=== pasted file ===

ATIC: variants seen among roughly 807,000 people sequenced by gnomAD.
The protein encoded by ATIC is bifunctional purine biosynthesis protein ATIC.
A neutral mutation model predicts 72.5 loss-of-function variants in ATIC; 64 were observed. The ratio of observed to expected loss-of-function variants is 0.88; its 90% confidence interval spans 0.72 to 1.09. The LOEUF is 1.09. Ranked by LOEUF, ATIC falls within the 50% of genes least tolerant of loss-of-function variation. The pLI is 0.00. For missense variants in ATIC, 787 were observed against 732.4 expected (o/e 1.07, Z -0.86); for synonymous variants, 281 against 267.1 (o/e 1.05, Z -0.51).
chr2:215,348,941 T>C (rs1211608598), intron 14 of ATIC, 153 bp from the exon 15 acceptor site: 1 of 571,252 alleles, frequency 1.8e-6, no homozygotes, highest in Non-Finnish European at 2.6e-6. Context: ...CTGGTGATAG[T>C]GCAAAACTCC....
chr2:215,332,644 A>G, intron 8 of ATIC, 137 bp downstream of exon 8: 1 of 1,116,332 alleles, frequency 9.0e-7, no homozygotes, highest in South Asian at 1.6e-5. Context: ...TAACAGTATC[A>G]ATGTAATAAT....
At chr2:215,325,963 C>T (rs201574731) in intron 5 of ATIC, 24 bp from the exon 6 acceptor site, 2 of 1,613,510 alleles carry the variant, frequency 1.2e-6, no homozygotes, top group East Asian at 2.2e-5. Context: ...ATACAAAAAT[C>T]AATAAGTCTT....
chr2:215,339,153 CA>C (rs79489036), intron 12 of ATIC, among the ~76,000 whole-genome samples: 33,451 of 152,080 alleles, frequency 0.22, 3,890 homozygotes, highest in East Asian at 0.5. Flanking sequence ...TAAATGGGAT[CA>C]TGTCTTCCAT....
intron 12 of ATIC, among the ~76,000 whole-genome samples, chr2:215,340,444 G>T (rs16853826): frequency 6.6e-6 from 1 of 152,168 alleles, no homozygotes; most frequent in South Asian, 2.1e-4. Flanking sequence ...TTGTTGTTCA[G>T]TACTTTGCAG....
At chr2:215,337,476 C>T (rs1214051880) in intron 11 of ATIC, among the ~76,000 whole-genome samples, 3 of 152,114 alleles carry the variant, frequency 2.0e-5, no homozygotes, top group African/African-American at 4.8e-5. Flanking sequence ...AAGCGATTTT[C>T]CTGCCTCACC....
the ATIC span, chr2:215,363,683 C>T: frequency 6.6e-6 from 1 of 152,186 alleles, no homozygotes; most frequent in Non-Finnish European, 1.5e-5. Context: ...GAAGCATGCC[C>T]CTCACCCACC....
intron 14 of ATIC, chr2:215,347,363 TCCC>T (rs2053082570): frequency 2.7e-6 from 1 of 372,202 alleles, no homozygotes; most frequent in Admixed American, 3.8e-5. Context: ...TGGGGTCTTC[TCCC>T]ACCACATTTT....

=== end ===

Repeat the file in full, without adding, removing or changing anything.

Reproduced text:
ATIC: variants seen among roughly 807,000 people sequenced by gnomAD.
The protein encoded by ATIC is bifunctional purine biosynthesis protein ATIC.
A neutral mutation model predicts 72.5 loss-of-function variants in ATIC; 64 were observed. The ratio of observed to expected loss-of-function variants is 0.88; its 90% confidence interval spans 0.72 to 1.09. The LOEUF is 1.09. Ranked by LOEUF, ATIC falls within the 50% of genes least tolerant of loss-of-function variation. The pLI is 0.00. For missense variants in ATIC, 787 were observed against 732.4 expected (o/e 1.07, Z -0.86); for synonymous variants, 281 against 267.1 (o/e 1.05, Z -0.51).
chr2:215,348,941 T>C (rs1211608598), intron 14 of ATIC, 153 bp from the exon 15 acceptor site: 1 of 571,252 alleles, frequency 1.8e-6, no homozygotes, highest in Non-Finnish European at 2.6e-6. Context: ...CTGGTGATAG[T>C]GCAAAACTCC....
chr2:215,332,644 A>G, intron 8 of ATIC, 137 bp downstream of exon 8: 1 of 1,116,332 alleles, frequency 9.0e-7, no homozygotes, highest in South Asian at 1.6e-5. Context: ...TAACAGTATC[A>G]ATGTAATAAT....
At chr2:215,325,963 C>T (rs201574731) in intron 5 of ATIC, 24 bp from the exon 6 acceptor site, 2 of 1,613,510 alleles carry the variant, frequency 1.2e-6, no homozygotes, top group East Asian at 2.2e-5. Context: ...ATACAAAAAT[C>T]AATAAGTCTT....
chr2:215,339,153 CA>C (rs79489036), intron 12 of ATIC, among the ~76,000 whole-genome samples: 33,451 of 152,080 alleles, frequency 0.22, 3,890 homozygotes, highest in East Asian at 0.5. Flanking sequence ...TAAATGGGAT[CA>C]TGTCTTCCAT....
intron 12 of ATIC, among the ~76,000 whole-genome samples, chr2:215,340,444 G>T (rs16853826): frequency 6.6e-6 from 1 of 152,168 alleles, no homozygotes; most frequent in South Asian, 2.1e-4. Flanking sequence ...TTGTTGTTCA[G>T]TACTTTGCAG....
At chr2:215,337,476 C>T (rs1214051880) in intron 11 of ATIC, among the ~76,000 whole-genome samples, 3 of 152,114 alleles carry the variant, frequency 2.0e-5, no homozygotes, top group African/African-American at 4.8e-5. Flanking sequence ...AAGCGATTTT[C>T]CTGCCTCACC....
the ATIC span, chr2:215,363,683 C>T: frequency 6.6e-6 from 1 of 152,186 alleles, no homozygotes; most frequent in Non-Finnish European, 1.5e-5. Context: ...GAAGCATGCC[C>T]CTCACCCACC....
intron 14 of ATIC, chr2:215,347,363 TCCC>T (rs2053082570): frequency 2.7e-6 from 1 of 372,202 alleles, no homozygotes; most frequent in Admixed American, 3.8e-5. Context: ...TGGGGTCTTC[TCCC>T]ACCACATTTT....